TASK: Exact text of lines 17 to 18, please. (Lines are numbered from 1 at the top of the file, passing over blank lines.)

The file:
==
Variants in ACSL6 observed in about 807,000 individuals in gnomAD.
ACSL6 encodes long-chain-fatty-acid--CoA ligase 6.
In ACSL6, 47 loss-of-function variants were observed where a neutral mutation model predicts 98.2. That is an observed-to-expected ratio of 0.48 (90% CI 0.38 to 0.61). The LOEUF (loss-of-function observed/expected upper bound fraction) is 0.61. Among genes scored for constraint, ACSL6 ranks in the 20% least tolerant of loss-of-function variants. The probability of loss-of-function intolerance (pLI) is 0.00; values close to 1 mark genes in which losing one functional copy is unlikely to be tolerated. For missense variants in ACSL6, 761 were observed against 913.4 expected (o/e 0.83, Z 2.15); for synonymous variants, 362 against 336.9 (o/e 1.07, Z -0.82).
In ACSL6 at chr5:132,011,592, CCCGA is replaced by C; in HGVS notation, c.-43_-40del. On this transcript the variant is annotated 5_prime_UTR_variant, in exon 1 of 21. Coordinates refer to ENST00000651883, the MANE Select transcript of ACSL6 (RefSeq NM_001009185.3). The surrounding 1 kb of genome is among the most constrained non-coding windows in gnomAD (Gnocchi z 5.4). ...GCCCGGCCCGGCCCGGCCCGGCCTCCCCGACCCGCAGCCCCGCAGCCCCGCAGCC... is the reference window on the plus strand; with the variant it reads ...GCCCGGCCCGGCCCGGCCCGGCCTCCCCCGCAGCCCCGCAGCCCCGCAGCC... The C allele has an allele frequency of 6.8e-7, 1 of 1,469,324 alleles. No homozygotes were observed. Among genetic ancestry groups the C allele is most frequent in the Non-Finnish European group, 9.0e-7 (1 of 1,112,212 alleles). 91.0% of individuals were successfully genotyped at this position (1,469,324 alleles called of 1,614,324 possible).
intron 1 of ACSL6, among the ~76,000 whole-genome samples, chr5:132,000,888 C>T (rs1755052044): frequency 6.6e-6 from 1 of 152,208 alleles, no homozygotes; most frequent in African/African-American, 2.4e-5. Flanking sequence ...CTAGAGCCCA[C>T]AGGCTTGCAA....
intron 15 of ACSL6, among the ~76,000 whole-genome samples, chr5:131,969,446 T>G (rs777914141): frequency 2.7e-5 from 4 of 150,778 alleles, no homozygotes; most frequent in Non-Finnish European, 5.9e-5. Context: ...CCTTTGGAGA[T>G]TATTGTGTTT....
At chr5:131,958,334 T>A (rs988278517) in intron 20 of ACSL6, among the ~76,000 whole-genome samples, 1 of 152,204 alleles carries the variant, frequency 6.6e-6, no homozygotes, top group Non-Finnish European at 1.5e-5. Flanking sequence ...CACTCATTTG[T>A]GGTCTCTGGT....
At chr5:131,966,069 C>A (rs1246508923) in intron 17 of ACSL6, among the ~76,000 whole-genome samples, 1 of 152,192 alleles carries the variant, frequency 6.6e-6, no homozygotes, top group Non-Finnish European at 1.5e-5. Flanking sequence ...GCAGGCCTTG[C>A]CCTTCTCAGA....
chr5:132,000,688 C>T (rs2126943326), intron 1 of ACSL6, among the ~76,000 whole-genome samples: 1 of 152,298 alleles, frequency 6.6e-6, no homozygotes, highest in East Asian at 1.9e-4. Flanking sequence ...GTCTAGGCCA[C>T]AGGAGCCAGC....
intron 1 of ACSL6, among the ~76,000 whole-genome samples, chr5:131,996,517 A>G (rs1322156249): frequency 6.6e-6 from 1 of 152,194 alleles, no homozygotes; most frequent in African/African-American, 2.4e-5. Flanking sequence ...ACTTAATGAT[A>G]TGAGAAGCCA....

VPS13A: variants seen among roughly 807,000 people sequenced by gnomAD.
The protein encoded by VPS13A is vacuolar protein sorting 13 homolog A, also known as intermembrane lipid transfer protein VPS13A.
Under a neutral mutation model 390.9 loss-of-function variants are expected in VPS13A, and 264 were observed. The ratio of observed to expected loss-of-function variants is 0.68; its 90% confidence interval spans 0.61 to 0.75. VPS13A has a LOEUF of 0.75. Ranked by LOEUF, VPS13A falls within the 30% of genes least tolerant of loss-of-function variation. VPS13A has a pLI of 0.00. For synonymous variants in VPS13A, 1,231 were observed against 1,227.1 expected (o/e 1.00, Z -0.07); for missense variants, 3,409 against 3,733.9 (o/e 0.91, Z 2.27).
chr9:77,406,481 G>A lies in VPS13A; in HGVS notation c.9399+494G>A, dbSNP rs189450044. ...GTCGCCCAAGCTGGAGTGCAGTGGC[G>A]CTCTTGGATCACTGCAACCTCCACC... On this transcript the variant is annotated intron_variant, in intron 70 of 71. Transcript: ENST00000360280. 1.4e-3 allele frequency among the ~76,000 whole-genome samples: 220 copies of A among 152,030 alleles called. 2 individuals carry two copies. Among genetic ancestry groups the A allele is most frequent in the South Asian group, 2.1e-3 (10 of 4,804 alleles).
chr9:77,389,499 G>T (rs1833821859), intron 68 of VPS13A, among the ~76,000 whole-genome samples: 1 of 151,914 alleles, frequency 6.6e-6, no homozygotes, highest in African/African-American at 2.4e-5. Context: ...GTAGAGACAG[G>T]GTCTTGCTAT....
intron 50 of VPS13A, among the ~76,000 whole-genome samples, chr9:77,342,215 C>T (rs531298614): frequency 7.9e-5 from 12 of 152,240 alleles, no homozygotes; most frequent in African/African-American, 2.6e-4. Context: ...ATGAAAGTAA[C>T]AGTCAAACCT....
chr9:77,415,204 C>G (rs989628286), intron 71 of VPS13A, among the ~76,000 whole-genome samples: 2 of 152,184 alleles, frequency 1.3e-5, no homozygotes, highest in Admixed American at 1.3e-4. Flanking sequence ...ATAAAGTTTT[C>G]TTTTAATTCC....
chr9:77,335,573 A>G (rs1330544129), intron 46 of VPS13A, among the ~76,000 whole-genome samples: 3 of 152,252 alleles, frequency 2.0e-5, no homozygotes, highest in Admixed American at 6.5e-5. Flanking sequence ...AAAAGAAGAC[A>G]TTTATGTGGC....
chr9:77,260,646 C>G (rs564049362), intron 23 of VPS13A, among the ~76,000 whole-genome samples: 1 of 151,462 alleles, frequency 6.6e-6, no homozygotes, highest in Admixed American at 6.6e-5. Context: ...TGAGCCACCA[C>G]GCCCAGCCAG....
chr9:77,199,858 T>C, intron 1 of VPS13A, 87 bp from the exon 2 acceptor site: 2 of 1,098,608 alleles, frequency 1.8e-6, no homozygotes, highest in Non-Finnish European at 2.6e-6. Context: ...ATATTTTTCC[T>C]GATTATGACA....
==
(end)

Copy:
chr9:77,415,204 C>G (rs989628286), intron 71 of VPS13A, among the ~76,000 whole-genome samples: 2 of 152,184 alleles, frequency 1.3e-5, no homozygotes, highest in Admixed American at 1.3e-4. Flanking sequence ...ATAAAGTTTT[C>G]TTTTAATTCC....
chr9:77,335,573 A>G (rs1330544129), intron 46 of VPS13A, among the ~76,000 whole-genome samples: 3 of 152,252 alleles, frequency 2.0e-5, no homozygotes, highest in Admixed American at 6.5e-5. Flanking sequence ...AAAAGAAGAC[A>G]TTTATGTGGC....